A newly released research study assessed the presence of plastics in final compost. Analysing samples of produced compost from five existing Spanish industrial composting plants. The study reports on the type and amount of plastics remaining after the compost process. The evaluation results showed that unlike conventional plastics, no compostable plastic (certified EN13432) could be found in the final compost samples. In the final compost 10 to 30 fossil based and non-compostable plastic items were found per gram of compost.
The study titled Microplastics identification and quantification in the composted organic fraction of municipal solid waste, was released in November 2021, by researchers from University of Alcala and Universidad Autonoma de Madrid. As reported by the authors, Carlos Edo, Francisca Fernández-Piñas and Roberto Rosal: “No debris from compostable bioplastics were found in any of the samples, meaning that if correctly composted their current use does not contribute to the spreading of anthropogenic pollution”.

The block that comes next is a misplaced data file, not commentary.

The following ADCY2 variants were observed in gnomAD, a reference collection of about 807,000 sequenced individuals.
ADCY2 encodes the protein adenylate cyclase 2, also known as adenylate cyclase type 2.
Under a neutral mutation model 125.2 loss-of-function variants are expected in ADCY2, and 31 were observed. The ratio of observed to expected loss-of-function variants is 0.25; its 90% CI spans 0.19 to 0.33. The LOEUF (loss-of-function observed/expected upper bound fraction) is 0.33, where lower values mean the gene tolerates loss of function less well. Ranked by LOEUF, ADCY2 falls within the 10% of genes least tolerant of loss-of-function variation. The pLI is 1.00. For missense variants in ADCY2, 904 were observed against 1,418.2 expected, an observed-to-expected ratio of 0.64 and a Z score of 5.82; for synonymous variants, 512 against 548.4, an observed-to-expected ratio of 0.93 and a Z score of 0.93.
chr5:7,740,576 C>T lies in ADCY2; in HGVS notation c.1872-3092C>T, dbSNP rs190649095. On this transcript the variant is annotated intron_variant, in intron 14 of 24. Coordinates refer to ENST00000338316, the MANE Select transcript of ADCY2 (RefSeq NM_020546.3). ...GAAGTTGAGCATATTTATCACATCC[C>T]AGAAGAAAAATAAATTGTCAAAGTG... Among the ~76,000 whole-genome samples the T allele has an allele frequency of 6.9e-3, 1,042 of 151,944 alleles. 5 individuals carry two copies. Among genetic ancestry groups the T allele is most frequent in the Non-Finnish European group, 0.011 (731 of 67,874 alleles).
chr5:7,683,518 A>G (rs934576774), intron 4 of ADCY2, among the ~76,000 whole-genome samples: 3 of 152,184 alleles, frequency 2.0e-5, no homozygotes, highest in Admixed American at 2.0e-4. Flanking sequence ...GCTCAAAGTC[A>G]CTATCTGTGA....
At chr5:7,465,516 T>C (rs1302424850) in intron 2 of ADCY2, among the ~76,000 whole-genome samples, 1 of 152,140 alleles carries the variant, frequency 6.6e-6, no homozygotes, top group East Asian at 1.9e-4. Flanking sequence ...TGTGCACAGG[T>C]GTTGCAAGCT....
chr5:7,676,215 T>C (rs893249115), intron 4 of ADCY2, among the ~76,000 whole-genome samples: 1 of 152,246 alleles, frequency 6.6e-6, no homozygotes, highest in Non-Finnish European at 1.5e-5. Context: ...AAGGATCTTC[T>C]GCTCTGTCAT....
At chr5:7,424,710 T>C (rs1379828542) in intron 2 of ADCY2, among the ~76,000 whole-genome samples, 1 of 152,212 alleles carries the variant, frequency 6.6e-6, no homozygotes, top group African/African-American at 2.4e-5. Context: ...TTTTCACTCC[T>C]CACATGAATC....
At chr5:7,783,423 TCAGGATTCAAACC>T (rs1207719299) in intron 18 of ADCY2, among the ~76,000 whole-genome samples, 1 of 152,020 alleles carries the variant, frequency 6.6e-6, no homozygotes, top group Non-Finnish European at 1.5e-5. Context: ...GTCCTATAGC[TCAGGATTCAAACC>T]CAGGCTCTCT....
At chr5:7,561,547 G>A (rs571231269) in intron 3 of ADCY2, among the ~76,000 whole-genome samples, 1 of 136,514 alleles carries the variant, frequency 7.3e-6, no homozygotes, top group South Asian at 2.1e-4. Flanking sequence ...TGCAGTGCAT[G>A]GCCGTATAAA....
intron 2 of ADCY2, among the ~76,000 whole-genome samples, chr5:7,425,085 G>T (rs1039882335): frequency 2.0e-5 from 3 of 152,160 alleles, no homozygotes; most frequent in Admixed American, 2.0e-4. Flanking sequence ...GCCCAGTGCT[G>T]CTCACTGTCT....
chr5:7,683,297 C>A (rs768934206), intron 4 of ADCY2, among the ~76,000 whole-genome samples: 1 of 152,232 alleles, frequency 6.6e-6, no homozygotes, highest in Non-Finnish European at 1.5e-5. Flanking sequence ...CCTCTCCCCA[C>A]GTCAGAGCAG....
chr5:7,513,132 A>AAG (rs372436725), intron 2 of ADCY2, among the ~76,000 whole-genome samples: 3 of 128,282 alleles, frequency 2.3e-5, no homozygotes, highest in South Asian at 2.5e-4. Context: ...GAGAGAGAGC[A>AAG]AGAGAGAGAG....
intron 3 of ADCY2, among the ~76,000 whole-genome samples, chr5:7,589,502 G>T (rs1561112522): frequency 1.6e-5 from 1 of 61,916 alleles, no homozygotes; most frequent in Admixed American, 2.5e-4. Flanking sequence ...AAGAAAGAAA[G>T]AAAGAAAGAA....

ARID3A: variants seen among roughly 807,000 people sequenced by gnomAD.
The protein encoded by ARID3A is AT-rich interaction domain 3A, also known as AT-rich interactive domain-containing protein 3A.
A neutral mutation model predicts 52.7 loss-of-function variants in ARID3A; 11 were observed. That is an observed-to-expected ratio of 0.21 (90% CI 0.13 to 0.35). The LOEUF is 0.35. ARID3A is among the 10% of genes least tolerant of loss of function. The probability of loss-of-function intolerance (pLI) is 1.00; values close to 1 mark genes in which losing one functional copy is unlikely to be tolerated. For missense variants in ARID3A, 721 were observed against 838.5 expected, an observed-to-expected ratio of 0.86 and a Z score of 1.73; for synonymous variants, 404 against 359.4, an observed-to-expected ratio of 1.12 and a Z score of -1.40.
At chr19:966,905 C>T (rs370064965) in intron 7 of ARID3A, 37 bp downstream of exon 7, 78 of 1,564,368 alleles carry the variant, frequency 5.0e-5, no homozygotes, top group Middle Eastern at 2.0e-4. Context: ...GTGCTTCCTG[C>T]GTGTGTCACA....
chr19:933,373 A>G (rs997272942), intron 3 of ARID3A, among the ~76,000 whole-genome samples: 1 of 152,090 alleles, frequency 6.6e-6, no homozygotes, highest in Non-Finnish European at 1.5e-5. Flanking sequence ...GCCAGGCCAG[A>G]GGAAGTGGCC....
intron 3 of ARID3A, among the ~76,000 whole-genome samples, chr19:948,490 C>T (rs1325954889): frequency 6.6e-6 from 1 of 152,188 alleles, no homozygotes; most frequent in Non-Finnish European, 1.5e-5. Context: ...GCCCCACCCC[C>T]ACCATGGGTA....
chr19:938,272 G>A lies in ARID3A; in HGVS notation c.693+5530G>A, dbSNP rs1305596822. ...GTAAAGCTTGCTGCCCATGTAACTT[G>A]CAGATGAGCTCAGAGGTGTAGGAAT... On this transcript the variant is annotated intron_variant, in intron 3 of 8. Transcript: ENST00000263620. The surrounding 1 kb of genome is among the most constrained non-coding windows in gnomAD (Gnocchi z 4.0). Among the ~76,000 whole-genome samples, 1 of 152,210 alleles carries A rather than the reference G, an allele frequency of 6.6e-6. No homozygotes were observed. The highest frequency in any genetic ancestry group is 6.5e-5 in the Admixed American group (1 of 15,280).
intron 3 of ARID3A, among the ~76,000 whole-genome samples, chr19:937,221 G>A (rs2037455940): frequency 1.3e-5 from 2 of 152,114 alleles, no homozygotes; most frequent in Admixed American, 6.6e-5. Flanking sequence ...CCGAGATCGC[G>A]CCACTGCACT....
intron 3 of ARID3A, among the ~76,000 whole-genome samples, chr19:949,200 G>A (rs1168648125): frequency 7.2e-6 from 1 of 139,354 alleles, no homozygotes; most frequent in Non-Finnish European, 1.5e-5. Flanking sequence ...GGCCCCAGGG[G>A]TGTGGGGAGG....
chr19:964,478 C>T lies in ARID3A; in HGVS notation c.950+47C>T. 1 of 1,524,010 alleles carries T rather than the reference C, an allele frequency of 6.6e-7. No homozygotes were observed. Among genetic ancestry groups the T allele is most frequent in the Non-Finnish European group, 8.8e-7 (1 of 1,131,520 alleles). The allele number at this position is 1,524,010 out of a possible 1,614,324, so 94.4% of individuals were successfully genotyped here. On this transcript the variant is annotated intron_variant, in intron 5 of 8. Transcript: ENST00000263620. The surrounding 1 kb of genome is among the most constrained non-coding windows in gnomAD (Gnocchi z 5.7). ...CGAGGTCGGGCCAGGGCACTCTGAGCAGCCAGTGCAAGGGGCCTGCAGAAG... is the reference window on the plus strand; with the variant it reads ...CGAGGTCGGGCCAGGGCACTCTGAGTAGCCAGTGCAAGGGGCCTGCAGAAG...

It was also demonstrated that the collection system has an impact on plastic contamination. A door-to-door collection system with compostable bags allows a lower contamination of the final compost.
It is the third academic research to confirm that compostable plastics reduce compost contamination. Previous studies were released by the Witzenhausen Institute in Germany, and the Wageningen University in the Netherlands. The last concluded that compostable plastics break down in less than 22 days in industrial composting facilities.